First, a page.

Our Bad, Noname.

Everybody from Chicago spends damn near every waking minute of their life engaging Chicago in some way. You either live there and engage it simply by existing, or you’re living somewhere else and constantly thinking and talking about the city. It’s like a tick. A reflex. I feel that little hammer thing hit my knee and I just blurt out things like “I USED TO GO TO CHANCE FREE SHOWS” or “SURE IT’S GOOD BUT IT AIN’T HAROLD’S”. As happy as I am to be spending the foreseeable future two thousand miles away from home, Chicago is mad resonant, madder relevant to every thing I do.

I’m a touch homesick, and last night Pomona College managed to bring home to me for just a little bit.

For our annual Spring concert, an American college experience staple, the highly capable Pomona Events Committee secured one of Chicago’s brightest young stars, Noname, as the headliner. Needless to say, once I saw the fliers circulating around Facebook, I was T’d. I haven’t seen enough live music since coming out here. Back home, I would go to at least three or four concerts a month. From little $10, intimate (read as: shitty) venue shows to the multiple hundreds I’ve dropped to see Yeezy (twice, worth it both times) at the United Center, seeing live music became an integral part of my social life.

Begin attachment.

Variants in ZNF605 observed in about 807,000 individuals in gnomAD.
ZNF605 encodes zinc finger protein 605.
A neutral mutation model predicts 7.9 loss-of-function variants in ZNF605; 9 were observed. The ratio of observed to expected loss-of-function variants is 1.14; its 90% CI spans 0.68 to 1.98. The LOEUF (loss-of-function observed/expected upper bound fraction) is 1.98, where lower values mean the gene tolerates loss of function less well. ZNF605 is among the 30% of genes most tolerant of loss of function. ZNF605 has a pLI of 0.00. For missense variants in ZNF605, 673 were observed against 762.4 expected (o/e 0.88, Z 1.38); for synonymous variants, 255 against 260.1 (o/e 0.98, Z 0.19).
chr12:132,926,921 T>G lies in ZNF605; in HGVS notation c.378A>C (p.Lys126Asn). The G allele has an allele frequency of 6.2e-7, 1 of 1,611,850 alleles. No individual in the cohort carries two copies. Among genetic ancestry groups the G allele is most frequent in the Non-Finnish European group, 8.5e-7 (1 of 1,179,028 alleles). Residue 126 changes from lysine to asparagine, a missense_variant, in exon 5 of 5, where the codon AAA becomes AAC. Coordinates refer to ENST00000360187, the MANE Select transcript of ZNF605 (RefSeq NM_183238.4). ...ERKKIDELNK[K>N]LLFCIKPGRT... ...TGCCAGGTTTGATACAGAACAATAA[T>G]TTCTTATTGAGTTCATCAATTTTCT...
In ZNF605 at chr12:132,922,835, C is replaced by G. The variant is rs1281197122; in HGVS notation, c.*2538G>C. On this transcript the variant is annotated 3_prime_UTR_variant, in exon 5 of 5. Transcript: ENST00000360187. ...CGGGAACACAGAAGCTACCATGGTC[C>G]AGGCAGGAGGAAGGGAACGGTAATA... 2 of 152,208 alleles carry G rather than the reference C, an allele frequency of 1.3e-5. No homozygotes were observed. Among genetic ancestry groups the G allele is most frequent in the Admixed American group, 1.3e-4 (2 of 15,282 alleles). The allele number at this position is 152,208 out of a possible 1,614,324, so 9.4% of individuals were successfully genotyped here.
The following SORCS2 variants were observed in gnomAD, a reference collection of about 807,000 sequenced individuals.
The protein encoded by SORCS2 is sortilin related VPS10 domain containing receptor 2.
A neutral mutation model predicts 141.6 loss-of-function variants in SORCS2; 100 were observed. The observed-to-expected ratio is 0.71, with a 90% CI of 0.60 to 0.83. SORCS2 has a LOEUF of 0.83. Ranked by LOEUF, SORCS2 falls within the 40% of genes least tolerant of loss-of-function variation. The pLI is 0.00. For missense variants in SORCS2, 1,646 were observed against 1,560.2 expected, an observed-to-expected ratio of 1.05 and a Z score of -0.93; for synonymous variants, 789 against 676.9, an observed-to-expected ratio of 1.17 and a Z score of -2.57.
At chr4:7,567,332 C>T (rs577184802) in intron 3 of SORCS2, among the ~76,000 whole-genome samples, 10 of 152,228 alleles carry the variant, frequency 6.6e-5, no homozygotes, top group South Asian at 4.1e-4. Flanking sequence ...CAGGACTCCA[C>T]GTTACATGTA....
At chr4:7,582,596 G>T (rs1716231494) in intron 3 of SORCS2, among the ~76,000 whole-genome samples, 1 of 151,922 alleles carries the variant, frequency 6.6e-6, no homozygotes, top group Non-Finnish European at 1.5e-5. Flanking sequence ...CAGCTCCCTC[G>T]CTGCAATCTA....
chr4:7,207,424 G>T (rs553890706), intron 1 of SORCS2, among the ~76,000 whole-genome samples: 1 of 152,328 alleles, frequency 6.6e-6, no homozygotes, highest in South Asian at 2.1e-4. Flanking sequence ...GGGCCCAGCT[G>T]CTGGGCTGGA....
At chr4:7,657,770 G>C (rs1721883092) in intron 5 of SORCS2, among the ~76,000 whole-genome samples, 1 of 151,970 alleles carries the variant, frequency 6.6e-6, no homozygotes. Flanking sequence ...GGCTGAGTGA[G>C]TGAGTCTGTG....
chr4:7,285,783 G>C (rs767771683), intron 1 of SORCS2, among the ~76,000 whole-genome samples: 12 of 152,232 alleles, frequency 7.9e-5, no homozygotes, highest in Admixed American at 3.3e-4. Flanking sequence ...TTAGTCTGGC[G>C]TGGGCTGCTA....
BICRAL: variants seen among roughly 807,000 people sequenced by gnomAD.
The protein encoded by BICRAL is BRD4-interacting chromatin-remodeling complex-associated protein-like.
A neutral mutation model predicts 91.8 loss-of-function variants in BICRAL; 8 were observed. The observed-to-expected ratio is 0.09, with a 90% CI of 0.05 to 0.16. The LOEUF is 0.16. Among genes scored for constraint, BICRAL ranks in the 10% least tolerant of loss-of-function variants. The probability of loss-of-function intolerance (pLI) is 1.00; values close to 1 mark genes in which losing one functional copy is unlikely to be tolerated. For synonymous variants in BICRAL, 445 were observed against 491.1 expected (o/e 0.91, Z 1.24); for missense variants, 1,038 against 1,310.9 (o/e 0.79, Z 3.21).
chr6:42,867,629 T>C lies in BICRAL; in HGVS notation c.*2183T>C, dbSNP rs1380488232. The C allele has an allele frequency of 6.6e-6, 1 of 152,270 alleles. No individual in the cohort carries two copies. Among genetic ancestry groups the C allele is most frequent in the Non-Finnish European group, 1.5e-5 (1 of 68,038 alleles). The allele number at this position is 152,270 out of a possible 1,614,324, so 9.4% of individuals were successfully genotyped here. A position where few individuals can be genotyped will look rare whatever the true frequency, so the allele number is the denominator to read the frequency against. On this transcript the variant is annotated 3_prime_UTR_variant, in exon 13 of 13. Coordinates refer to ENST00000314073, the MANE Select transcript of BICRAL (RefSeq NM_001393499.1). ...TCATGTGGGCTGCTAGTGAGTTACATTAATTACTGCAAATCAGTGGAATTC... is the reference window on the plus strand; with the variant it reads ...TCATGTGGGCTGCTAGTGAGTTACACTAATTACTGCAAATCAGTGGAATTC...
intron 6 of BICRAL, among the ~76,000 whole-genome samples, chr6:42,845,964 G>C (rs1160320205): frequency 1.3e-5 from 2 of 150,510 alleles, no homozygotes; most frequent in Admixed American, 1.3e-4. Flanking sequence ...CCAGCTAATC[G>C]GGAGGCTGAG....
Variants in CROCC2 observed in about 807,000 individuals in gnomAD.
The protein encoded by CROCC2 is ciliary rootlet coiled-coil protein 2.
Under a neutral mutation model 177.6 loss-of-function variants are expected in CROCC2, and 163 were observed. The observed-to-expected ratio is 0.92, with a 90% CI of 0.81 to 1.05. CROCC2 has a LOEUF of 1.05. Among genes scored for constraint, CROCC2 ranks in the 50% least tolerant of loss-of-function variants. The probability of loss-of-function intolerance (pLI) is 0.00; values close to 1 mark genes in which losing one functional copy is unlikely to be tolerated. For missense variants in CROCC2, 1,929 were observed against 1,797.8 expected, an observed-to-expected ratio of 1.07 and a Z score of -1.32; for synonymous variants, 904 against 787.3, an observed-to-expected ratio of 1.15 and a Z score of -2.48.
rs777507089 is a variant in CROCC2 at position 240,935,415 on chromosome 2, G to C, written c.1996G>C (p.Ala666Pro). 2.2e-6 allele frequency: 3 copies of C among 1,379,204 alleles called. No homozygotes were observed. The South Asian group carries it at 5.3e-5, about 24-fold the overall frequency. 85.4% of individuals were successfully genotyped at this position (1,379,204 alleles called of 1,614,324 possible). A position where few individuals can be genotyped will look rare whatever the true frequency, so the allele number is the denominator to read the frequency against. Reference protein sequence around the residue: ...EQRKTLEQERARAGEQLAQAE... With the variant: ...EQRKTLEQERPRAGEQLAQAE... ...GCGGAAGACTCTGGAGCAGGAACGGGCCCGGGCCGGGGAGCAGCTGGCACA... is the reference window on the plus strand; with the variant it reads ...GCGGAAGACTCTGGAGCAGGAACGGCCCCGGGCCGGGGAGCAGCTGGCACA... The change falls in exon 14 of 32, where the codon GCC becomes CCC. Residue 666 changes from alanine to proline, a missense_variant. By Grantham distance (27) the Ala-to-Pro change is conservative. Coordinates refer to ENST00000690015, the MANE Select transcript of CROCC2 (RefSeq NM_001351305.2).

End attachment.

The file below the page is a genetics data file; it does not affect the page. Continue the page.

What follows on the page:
I’m mad broke, so my budget doesn’t have the same room for live music it once did, especially after factoring in costs of travel to and from Los Angeles. Having Pomona bring Noname to me meant a lot, and I knew from jump I was finna be front row, basking in her glow like the lizards I hang out with in the courtyard by my dorm.

So my best friend/senior editor Mike and I slide through to the function flee as hell, peacocking hard for Chicago. We got the city on our chest because you gotta represent, gotta rep the set. We’re upfront, vibing innit, and surrounded by people that are not quite matching the energy.

We weren’t the only ones that noticed.